A Short History of Bernards Heath
The Beech Bottom Shooting Range
During 1859 there was threat of a possible invasion from France and at a meeting in December it was decided to form a rifle volunteer corps in St Albans. They needed somewhere to practice and Earl Spencer offered them Beech Bottom. A bank was built across it to form the butts and a gap cut in the side to give a maximum range of 600 yards. This was used regularly over the years for both practice and competitions.
The Militia in Beech Bottom (A Window on Victorian St Albans)
The annual prize competition held on 23rd August, 1872, was a typical event, where the challenge cup was offered by the Rev. H. N. Dudding, vicar of St. Peter’s. Captain H. R. Howard took the scores which involved shooting over 200, 400, 500 and 600 yards. After the competition the members of the Company took supper at the George Inn, where the table was headed by Captain Howard, the honorary chaplain the Rev. P. U. Brown, and Lieutenant A. Rumball. On the following Sunday the Company was to attend a service at the Abbey Church in aid of St Albans Hospital. The Company band was to arrive at the parade ground at 10 o’clock, while the rest of the men were to be there in full uniform a quarter of an hour later, prior to marching to the church.
There were also the athletic sports , such as those held at Beech Bottom on the 1st January, 1873. The events included running races over 100 yard to half a mile, high jump, putting the weight, and walking over one mile. Entry fees were one shilling for a single event, with entries to Private G. Everitt, at the Crab Tree, St. Peter’s Street.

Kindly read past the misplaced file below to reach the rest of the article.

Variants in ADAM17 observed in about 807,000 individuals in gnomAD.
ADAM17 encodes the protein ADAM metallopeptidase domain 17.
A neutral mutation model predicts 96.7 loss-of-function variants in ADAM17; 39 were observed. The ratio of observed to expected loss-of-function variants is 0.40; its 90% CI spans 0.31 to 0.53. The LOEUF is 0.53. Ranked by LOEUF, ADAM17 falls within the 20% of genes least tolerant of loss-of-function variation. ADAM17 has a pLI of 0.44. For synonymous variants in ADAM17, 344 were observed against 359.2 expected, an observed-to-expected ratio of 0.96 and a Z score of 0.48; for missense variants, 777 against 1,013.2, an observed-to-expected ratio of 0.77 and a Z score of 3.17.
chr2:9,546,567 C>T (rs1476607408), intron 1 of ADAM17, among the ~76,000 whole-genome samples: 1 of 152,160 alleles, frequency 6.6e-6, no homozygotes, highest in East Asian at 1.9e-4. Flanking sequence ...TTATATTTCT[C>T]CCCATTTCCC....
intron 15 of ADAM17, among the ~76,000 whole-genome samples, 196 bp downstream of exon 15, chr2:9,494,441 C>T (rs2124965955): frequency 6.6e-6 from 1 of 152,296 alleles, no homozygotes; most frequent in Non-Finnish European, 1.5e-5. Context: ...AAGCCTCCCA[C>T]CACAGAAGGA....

The range was abandoned because the volunteers were issued with a more powerful rifle in 1895, and a few years later a new range was opened north east of Sandridge. However the military were soon back on the Heath. In 1908 the Territorial Force (later Army) was formed and the 1st Hertfordshire Battery, Royal Field Artillery, was based at St Albans. In September 1910 the Herts R.F.A. riding school was opened on the part of Bernards Heath now occupied by Edmund Beaufort Drive.
In 1914 St Albans became a garrison town for the 2nd London Division within weeks of the outbreak of the war. Soldiers were camped on Bernards Heath and a large marquee was erected on the lawns of St Saviour's Vicarage to provide entertainment for the troops.
Next: Sport on the Heath
See also Chalk Hill Rifle Range, Sandridge, First World War